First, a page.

set-up, careful selection of cases and all-out effort to control
defaulters. The organizational effort put forth to achieve the regularity
is relevant to the applicability of SCC in the existing set-up of
District Tuberculosis Centres (DTCs) under National Tuberculosis
Programme (NTP). First 300 patients admitted to SCC trial to assess
the efficacy of three drug regimens of 3/5 months duration under
fully supervised conditions, carried out jointly by National Tuberculosis
Research Centre, Madras and National Tuberculosis Institute (NTI),
Bangalore, have been analysed for the purpose.
To keep up the regularity, 1/3rd of the patients
required home visits-some of them repeatedly. If the actions of
the same intensity of defaulter retrieval in the form of home visiting
are envisaged to be taken in a DTC with the normal working pattern
catering to 500 patients, 250 to 300 home visits will have to be
made in a month. This may not be feasible in the existing set-up
of NTP. A new strategy of defaulter retrieval actions for programme
conditions may have to be devised. Further, selection of drug regimen
which has the maximum potential of being given on self-administered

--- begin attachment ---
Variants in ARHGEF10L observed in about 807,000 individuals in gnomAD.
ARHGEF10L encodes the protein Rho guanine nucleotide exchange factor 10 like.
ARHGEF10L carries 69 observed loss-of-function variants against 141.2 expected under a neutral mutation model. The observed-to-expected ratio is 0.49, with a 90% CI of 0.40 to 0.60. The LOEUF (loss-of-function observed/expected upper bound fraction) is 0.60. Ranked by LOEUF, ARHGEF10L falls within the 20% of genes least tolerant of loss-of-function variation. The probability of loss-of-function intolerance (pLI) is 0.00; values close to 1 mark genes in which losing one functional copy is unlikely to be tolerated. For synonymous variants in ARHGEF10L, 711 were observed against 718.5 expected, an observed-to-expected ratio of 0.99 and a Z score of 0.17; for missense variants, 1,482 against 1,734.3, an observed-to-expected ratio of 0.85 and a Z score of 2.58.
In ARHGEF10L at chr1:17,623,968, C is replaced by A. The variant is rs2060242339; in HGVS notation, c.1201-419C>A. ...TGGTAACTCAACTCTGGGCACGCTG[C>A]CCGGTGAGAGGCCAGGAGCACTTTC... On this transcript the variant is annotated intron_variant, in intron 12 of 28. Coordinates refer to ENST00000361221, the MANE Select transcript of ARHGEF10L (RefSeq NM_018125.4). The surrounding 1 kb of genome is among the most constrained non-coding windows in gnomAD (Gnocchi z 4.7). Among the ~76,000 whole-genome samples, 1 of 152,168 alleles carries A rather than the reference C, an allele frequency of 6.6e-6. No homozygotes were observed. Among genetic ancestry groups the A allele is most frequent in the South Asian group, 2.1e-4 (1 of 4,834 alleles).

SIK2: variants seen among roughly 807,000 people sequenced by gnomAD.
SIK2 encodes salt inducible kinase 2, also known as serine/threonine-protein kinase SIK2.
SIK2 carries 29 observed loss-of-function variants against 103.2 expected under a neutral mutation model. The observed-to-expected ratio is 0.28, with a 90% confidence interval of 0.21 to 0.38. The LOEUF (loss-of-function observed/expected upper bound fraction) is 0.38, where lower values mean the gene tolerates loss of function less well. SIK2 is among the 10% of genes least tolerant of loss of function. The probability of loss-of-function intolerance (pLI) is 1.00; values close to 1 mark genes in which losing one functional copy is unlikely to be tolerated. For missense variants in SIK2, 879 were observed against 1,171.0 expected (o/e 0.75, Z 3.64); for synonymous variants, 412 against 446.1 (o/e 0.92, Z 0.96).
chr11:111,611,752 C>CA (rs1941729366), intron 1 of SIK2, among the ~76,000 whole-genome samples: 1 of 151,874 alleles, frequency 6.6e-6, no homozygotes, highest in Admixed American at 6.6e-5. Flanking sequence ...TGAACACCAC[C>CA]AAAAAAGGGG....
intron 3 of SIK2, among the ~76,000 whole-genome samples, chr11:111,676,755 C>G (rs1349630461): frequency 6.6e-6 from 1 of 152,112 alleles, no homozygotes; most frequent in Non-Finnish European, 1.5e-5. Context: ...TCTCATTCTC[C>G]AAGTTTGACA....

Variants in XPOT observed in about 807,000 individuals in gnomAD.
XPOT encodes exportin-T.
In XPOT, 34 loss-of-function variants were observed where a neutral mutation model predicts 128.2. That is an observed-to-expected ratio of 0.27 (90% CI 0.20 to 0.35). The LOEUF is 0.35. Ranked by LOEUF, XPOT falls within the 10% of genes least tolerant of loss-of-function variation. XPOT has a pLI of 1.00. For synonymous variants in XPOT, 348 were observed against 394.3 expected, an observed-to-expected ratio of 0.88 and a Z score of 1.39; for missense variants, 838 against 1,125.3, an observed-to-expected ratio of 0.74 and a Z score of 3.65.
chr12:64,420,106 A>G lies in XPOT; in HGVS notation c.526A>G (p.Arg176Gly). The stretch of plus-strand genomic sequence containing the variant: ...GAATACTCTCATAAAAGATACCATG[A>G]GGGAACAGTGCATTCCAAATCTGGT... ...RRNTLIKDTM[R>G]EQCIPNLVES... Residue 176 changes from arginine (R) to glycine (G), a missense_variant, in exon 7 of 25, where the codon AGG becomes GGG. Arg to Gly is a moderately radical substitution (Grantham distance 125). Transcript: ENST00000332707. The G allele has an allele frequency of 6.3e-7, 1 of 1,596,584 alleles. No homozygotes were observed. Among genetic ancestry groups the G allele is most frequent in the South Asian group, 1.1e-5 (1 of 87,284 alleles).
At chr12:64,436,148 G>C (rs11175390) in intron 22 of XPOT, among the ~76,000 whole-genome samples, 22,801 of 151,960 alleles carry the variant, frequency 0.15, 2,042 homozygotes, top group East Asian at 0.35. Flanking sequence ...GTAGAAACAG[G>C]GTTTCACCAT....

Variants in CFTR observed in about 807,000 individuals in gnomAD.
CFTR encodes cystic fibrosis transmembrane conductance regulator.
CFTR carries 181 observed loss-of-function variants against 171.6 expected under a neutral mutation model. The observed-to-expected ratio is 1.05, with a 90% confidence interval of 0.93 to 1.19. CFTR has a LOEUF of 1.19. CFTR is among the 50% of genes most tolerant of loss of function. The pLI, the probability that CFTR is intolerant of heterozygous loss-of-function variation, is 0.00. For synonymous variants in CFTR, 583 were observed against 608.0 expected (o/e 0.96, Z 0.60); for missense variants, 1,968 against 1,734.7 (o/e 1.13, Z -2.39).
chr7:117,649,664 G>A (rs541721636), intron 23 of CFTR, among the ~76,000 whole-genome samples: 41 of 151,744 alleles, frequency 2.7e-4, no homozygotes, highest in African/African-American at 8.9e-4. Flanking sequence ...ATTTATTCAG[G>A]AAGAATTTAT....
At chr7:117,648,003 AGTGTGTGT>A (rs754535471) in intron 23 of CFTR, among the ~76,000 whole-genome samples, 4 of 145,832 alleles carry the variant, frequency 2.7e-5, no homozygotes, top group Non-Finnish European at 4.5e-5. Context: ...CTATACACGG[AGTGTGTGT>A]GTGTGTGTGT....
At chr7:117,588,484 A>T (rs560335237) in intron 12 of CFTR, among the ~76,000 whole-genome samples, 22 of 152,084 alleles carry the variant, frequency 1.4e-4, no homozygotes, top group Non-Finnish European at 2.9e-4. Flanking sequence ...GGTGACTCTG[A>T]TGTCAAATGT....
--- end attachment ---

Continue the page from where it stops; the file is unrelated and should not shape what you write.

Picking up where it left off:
basis may reduce the work-load to a considerable extent. Drug toxicity,
side effects and the cost of drugs may not be major handicaps. However,
the only way to understand various operational problems is to undertake
scientific operational studies in actual working conditions of NTP.
|KEY WORDS: SCC, APPLICABILITY, CLINICAL TRIAL,
COMPLIANCE, CONTROL PROGRAMME.
|A STUDY OF TUBERCULOSIS SERVICES AS A COMPONENT
OF PRIMARY HEALTH CARE
|Radha Narayan, A Jones, S Prabhakar & N Srikantaramu:
Indian J TB 1983, 30, 69-73.
During last two decades, the health care delivery
system has undergone several changes. The implementation of the
concept of Primary Health Care and of the Multi Purpose Health
Workers (MPWs) Scheme can be utilised to improve both Case-finding
and case holding activities of the District Tuberculosis Programme.
A study was undertaken by National Tuberculosis Institute (NTI)